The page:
Water scarcity is another area of great concern for Pakistan as it is heavily dependent upon agriculture sector for its economy. Secondly, Indian aggressive policies have always been a source of concern for Pakistan when it comes to water disputes. Pakistan is a lower riparian state but still suffering because of Indian brutal polices. PRSS-1 has proven to be beneficial for water remote sensing. RSS is significant in dealing with the dynamics of water quality and quantity demand.
Remote sensing is also commonly used for crop classification, yield forecasts, and also for monitoring post-harvest residues and on-site meteorological conditions. Pakistan is an agricultural based country so RSS capability is being used for crop classification and track changes which helps in improving forecast of production. SUPARCO conducted a detail study of the fog which affected the crop production. Likewise, the annual production of crops can also be easily assessed through this and SUPARCO has been successful in helping the policy makers. SUPARCO also provides environmental consultancy / services to various users.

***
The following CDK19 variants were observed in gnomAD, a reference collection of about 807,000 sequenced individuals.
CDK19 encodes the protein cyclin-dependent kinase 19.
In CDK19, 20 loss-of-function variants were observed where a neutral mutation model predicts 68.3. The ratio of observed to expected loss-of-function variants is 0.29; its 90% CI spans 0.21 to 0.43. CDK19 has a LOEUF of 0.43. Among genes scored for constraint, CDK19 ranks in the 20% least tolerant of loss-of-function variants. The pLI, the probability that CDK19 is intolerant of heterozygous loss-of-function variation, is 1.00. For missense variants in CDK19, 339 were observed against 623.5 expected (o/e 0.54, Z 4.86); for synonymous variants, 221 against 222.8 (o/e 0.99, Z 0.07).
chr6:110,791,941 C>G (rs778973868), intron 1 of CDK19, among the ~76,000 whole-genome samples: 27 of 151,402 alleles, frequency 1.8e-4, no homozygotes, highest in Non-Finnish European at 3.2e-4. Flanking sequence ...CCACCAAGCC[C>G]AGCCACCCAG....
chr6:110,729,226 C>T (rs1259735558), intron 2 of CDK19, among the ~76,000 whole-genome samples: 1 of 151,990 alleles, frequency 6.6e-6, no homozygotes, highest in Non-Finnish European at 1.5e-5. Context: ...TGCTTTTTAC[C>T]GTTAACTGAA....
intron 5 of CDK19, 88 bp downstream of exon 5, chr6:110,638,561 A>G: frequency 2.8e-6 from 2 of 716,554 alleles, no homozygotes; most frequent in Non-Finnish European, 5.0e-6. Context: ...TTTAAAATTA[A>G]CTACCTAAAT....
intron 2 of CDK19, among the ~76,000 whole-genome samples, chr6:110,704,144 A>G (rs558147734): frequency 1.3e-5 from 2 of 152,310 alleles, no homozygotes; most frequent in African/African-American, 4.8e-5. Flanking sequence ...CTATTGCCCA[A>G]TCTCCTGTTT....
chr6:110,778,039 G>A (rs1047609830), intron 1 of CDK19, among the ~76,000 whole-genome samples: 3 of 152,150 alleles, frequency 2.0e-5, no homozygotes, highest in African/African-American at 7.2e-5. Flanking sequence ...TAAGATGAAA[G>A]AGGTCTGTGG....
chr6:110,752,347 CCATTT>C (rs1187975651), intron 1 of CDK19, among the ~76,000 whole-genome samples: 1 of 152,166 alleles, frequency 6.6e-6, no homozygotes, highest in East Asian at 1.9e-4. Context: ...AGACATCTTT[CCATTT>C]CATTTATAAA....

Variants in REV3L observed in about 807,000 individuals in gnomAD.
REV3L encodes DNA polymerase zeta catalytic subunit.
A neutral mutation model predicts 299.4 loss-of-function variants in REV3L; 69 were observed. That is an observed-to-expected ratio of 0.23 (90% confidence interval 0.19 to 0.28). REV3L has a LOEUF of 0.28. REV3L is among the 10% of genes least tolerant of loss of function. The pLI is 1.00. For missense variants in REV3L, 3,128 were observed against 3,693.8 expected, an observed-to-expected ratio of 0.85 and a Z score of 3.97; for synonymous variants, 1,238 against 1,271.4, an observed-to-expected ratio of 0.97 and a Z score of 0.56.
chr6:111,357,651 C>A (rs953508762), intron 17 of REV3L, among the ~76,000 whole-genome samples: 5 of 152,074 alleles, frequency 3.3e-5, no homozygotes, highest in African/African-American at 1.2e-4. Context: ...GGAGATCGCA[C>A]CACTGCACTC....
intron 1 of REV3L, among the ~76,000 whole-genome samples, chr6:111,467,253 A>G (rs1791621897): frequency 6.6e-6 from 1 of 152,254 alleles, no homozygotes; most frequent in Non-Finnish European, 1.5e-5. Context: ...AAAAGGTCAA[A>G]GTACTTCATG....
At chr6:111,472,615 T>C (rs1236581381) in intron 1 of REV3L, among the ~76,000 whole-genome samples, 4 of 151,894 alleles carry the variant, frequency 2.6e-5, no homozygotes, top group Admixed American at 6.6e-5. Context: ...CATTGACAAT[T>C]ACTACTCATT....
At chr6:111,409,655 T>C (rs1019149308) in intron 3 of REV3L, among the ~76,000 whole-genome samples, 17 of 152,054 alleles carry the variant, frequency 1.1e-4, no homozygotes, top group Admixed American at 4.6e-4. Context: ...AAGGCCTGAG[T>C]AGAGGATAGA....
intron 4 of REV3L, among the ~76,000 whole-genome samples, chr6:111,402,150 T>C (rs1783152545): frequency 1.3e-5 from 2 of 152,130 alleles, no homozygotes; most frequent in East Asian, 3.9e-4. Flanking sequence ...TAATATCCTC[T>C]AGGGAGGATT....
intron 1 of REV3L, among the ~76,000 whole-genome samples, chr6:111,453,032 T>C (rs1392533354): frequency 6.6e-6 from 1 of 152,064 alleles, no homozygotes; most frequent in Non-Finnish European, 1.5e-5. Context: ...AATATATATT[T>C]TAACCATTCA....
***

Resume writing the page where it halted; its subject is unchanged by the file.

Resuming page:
Furthermore, SUPARCO in collaboration with Jinnah Post Graduate Medical Centre (JPMC) has established a satellite communication based telemedicine network as pilot project which has been successfully established using a very-small-aperture terminal (VSAT) antenna. Live Video conferencing has linked specialists in JPMC to patients in rural areas thus providing specialist health care services to the rural areas.
Thus, Pakistan is fully determined to fight the nontraditional security threats by using space technology. In this regard, Pakistan’s Remote sensing technology is aimed to play significant role in disaster management especially during the awareness and reaction phases. Space technology could provide not only cost efficient and effective methods of water management but also accurately monitors and predicts long term trends of depletion of resources.
*Misbah Arif, is a Islamabad based researcher and visiting faculty at Fatima Jinnah Women University, Rawalpindi.